Colorado state lawmakers convened for a special session this week to address what has been referred to by Gov. John Hickenlooper as “technical errors” in Senate Bill 267, legislation that significantly weakened Colorado Taxpayer Bill of Rights (TABOR).
Passed in 1992, TABOR subjects tax increases to a vote of the people and caps spending increases at the rate of inflation plus population growth. If the state collects revenue in excess of the TABOR cap, it must be refunded to taxpayers, unless Colorado residents vote to allocate the revenue elsewhere. SB 267, passed during the regular session, significantly weakened TABOR by removing hospital tax revenue from the TABOR cap, making it more difficult to hit the cap and trigger taxpayer refunds—and did so without a vote of the people. Thanks to passage of SB 267, which a few treasonous Republican legislators joined with the Democrats to enact, Colorado will be allowed to tax and spend more than would’ve otherwise been the case.
The Independence Institute, a Denver-based free-market think tank, explained in this column for the Denver Post why Republicans who joined with Democrats to pass SB 267 massively betrayed their constituents and all Colorado taxpayers:
“The ‘grand compromise’ of SB 267, something worse than Ref C and Ref D (2005 ballot measures that temporarily suspended TABOR, resulting in Coloradans having to pay an additional $16 billion in higher taxes) and without a public vote, is the largest ‘grand betrayal’ from Republicans I have ever witnessed in my more than 25 years in Colorado politics. And that says a lot,” Caldara wrote. “The SB 267 scheme was hatched to go around us voters with the false narrative of ‘rural hospitals.’ Because it’s just impossible to find money for hospital in a state budget that has more than doubled in a decade.”
The so-called “technical errors” were caused because SB 267 changed the way in which it taxes recreational marijuana. Prior to its passage, marijuana sales were subject to a 2.9% local sales tax, identical to other consumer goods. Additionally, marijuana was assessed a special 10% state tax—resulting in combined rate of 12.9%. SB 267 eliminated the 2.9% local sales tax, and increased the overall taxation of marijuana to 15%.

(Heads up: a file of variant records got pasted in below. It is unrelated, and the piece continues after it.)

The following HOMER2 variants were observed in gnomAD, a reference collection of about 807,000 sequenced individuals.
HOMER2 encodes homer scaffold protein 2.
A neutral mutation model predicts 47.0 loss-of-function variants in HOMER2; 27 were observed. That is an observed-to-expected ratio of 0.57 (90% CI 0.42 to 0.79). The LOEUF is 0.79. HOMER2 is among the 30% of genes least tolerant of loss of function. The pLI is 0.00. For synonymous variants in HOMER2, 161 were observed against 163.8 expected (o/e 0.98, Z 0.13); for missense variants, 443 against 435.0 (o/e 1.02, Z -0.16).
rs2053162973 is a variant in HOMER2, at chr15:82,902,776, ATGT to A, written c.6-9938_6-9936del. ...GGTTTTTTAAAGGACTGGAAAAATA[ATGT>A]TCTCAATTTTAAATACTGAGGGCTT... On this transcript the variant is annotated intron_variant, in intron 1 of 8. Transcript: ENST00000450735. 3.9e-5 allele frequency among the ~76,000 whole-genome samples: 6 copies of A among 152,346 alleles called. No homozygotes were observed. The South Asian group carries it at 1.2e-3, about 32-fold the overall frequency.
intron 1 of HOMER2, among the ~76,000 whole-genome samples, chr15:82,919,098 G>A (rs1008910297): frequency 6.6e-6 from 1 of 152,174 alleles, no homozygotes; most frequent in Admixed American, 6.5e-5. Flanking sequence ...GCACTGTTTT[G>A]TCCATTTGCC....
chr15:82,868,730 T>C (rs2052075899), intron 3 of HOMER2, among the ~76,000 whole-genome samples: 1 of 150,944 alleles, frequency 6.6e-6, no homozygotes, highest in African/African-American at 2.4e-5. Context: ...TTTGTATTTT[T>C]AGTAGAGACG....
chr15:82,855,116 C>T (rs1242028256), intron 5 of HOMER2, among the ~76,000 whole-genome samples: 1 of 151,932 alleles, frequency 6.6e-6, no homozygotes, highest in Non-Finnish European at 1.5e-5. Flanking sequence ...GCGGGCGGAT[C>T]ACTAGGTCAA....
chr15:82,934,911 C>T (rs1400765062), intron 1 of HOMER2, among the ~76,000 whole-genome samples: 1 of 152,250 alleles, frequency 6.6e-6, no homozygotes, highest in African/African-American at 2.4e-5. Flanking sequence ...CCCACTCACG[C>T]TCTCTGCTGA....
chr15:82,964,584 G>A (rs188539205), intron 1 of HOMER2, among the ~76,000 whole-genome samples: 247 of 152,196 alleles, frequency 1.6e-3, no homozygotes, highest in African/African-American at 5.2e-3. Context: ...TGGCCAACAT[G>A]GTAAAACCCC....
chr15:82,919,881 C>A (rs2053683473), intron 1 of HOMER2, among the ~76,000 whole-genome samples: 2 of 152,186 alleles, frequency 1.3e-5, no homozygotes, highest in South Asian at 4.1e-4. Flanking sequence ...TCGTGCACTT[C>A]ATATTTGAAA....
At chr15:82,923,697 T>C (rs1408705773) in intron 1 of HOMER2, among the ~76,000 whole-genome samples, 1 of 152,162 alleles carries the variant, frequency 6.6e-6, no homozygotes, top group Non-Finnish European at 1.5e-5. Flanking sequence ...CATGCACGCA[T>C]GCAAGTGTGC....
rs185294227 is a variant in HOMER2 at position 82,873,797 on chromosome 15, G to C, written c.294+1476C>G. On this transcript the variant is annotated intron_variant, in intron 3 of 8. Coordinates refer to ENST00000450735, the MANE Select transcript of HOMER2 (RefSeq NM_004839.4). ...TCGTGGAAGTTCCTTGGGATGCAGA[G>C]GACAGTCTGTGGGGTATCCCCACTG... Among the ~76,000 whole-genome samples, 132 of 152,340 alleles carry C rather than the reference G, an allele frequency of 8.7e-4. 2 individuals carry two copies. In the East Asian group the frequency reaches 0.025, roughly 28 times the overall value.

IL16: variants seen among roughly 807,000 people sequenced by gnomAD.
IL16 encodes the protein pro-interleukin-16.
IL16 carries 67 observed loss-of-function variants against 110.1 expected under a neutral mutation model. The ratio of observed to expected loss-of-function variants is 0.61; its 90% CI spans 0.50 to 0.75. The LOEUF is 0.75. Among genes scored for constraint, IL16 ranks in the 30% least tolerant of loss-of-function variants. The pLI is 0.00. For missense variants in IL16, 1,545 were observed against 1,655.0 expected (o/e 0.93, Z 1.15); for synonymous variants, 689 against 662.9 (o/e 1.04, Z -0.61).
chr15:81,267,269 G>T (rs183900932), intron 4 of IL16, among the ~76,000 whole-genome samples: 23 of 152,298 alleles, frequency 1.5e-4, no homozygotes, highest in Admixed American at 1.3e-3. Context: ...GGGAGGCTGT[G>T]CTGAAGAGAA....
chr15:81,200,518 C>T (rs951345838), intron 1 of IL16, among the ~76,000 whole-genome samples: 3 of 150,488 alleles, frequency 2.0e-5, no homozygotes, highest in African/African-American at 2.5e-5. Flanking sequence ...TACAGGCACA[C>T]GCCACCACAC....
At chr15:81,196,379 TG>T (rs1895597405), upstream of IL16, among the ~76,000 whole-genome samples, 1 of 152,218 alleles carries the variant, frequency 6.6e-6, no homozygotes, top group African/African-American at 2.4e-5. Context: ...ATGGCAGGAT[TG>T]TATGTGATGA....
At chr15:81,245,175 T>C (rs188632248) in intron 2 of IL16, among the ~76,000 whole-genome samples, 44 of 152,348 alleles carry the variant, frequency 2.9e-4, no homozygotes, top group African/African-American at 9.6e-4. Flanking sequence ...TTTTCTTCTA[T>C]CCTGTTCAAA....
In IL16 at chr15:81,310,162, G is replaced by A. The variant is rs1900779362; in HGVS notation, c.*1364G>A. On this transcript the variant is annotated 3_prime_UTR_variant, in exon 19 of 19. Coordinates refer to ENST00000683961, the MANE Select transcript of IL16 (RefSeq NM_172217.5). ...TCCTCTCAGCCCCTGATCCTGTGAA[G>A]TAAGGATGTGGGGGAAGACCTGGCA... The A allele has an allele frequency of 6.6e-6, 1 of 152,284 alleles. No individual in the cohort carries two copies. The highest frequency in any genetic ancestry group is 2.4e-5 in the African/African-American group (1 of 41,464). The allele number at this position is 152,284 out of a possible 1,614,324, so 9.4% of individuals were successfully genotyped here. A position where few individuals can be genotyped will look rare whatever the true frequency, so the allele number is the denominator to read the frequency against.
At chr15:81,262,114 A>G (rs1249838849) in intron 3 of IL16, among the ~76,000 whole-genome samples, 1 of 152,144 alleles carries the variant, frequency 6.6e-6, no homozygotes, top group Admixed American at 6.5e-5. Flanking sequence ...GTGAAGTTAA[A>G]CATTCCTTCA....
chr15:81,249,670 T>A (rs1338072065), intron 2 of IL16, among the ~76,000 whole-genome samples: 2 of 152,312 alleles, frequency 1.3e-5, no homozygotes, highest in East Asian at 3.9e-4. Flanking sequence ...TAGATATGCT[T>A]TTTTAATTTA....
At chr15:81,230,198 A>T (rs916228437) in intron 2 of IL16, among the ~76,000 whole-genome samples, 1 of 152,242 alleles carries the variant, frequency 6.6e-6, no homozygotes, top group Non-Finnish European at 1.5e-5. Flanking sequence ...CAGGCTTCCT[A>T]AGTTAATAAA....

By doing so, however, Gov. Hickenlooper and legislators inadvertently stopped certain special taxing districts from reaping marijuana sales tax revenue, which localities did not expect. The result? Organizations such as the Denver zoo, the Museum of Nature & Science, and other nonprofits have unexpectedly lost hundreds of thousands of dollars, and they have demanded that lawmakers return their funding. Their outcry is what led to this week’s special session.
Early on Monday of this week, first day of the special session, Republicans, who control the state senate with a one vote majority, rejected legislation to reinstate the sales tax, AKA “the fix,” by 3-2 margin. The following day, another bill to reinstate the sales tax, without a vote of the people and in violation of TABOR, was passed out of the Democrat-controlled House, only to subsequently be rejected by Republicans in the Senate Transportation Committee once again.
House Majority Leader K.C. Becker, a Boulder Democrat who sponsored the tax hike that died yesterday expressed disappointment following his failure to raise taxes in violation of the state constitution.
“I don’t think when people passed TABOR, they meant to tie the hands of legislators,” Rep. Becker said. Actually, Rep. Becker, that is exactly what TABOR is meant to do and is why Colorado voters approved it and continue to support it.
Although many Coloradoans were rightfully outraged when a few Senate Republicans went against their word and joined with Democrats to pass SB 276 during the regular session, the resolve shown by Republican legislators this week to fight for hardworking taxpayers is commendable. Hopefully, this renewed resolve to defend Colorado taxpayers will continue into the 2018 session.